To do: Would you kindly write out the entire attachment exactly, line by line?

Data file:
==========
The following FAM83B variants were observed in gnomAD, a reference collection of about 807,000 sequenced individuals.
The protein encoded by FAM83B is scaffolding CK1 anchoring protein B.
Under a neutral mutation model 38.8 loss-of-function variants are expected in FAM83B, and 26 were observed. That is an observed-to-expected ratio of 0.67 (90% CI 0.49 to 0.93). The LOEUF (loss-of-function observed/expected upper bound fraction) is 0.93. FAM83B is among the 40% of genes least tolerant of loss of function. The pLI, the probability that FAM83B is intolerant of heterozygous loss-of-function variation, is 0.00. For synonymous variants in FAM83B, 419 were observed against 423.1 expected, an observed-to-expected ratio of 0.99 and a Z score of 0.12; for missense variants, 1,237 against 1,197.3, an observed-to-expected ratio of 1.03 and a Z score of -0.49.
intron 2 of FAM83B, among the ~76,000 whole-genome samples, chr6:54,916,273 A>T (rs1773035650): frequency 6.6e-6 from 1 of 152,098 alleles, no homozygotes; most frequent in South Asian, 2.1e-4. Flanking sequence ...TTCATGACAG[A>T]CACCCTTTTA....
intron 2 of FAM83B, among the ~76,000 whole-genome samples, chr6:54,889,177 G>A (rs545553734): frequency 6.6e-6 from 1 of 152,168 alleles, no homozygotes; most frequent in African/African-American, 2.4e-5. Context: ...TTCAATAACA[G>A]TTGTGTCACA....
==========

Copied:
The following FAM83B variants were observed in gnomAD, a reference collection of about 807,000 sequenced individuals.
The protein encoded by FAM83B is scaffolding CK1 anchoring protein B.
Under a neutral mutation model 38.8 loss-of-function variants are expected in FAM83B, and 26 were observed. That is an observed-to-expected ratio of 0.67 (90% CI 0.49 to 0.93). The LOEUF (loss-of-function observed/expected upper bound fraction) is 0.93. FAM83B is among the 40% of genes least tolerant of loss of function. The pLI, the probability that FAM83B is intolerant of heterozygous loss-of-function variation, is 0.00. For synonymous variants in FAM83B, 419 were observed against 423.1 expected, an observed-to-expected ratio of 0.99 and a Z score of 0.12; for missense variants, 1,237 against 1,197.3, an observed-to-expected ratio of 1.03 and a Z score of -0.49.
intron 2 of FAM83B, among the ~76,000 whole-genome samples, chr6:54,916,273 A>T (rs1773035650): frequency 6.6e-6 from 1 of 152,098 alleles, no homozygotes; most frequent in South Asian, 2.1e-4. Flanking sequence ...TTCATGACAG[A>T]CACCCTTTTA....
intron 2 of FAM83B, among the ~76,000 whole-genome samples, chr6:54,889,177 G>A (rs545553734): frequency 6.6e-6 from 1 of 152,168 alleles, no homozygotes; most frequent in African/African-American, 2.4e-5. Context: ...TTCAATAACA[G>A]TTGTGTCACA....